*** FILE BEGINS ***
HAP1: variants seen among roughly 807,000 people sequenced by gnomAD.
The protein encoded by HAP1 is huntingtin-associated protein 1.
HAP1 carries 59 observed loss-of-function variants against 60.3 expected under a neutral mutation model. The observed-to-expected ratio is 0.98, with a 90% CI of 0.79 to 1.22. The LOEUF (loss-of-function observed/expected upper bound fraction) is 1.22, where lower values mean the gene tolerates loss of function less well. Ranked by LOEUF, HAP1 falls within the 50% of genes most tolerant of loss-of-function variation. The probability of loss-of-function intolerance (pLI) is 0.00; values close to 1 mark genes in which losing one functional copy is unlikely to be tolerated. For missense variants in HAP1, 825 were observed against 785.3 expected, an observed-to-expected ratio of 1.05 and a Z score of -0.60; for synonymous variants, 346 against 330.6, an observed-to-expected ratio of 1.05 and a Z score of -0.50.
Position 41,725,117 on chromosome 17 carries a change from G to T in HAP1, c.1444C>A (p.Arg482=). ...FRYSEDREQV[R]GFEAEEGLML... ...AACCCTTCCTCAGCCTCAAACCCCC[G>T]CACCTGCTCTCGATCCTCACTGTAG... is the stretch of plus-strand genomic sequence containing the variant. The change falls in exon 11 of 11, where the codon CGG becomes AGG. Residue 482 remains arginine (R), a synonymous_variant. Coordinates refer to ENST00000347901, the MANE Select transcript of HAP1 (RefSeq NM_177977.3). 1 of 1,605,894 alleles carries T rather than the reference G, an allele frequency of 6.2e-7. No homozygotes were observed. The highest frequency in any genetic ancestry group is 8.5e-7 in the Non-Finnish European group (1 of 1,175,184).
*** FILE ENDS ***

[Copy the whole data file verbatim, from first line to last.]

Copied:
HAP1: variants seen among roughly 807,000 people sequenced by gnomAD.
The protein encoded by HAP1 is huntingtin-associated protein 1.
HAP1 carries 59 observed loss-of-function variants against 60.3 expected under a neutral mutation model. The observed-to-expected ratio is 0.98, with a 90% CI of 0.79 to 1.22. The LOEUF (loss-of-function observed/expected upper bound fraction) is 1.22, where lower values mean the gene tolerates loss of function less well. Ranked by LOEUF, HAP1 falls within the 50% of genes most tolerant of loss-of-function variation. The probability of loss-of-function intolerance (pLI) is 0.00; values close to 1 mark genes in which losing one functional copy is unlikely to be tolerated. For missense variants in HAP1, 825 were observed against 785.3 expected, an observed-to-expected ratio of 1.05 and a Z score of -0.60; for synonymous variants, 346 against 330.6, an observed-to-expected ratio of 1.05 and a Z score of -0.50.
Position 41,725,117 on chromosome 17 carries a change from G to T in HAP1, c.1444C>A (p.Arg482=). ...FRYSEDREQV[R]GFEAEEGLML... ...AACCCTTCCTCAGCCTCAAACCCCC[G>T]CACCTGCTCTCGATCCTCACTGTAG... is the stretch of plus-strand genomic sequence containing the variant. The change falls in exon 11 of 11, where the codon CGG becomes AGG. Residue 482 remains arginine (R), a synonymous_variant. Coordinates refer to ENST00000347901, the MANE Select transcript of HAP1 (RefSeq NM_177977.3). 1 of 1,605,894 alleles carries T rather than the reference G, an allele frequency of 6.2e-7. No homozygotes were observed. The highest frequency in any genetic ancestry group is 8.5e-7 in the Non-Finnish European group (1 of 1,175,184).